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Right to Clean Environment

Report of second webinar

ESG Webinar Series on Tackling Air Pollution

6th April, 2023

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Why this Webinar Series:

Bengaluru is one of the most polluted cities in India. The air quality in the city has deteriorated drastically over the years due to poor public transport facilities, widespread waste burning, massive construction activities in and around the metropolis, and an alarming increase in the number of private transport vehicles. The increasing pollution and deteriorating air quality has immediate consequences on public health: in the form of increased incidences of respiratory allergies and infections, chronic complex respiratory diseases, cardiovascular diseases, and various other health complications. What is shocking is that such health problems which were earlier observed mostly in older people or those exposed to highly polluted environments are increasingly manifesting in the youth, even children.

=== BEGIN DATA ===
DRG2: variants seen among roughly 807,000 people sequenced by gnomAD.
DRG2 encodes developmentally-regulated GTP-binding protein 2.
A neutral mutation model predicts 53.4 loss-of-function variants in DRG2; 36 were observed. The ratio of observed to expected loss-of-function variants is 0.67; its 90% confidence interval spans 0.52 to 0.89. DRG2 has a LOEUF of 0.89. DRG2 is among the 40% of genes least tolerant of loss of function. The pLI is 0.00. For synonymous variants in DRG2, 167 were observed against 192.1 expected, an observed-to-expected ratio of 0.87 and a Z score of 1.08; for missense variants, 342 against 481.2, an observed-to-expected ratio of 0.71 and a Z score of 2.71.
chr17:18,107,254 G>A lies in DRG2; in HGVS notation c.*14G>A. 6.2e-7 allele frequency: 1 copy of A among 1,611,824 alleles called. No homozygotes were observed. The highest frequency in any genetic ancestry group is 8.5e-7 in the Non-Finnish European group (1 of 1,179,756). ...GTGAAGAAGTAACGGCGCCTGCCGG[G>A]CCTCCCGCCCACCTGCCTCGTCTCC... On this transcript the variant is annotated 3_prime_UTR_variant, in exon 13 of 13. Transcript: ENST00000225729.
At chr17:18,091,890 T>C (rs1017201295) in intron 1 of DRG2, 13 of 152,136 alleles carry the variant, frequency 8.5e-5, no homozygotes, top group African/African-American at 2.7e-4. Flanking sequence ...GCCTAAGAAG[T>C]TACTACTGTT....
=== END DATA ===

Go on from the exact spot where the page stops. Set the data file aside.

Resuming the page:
The Karnataka State Pollution Control Board has formulated the Revised Action Plan for Control of Air Pollution in Bengaluru City, a 44-point agenda that casts on various government agencies the responsibility of instituting effective response measures to tackle air pollution. However, the Action Plan fails comprehensively misses to include health needs of the poor and working class as a priority, particularly given that they are the most vulnerable to suffer impacts of air pollution, and who also constitute about half of the 14 million metropolitan population.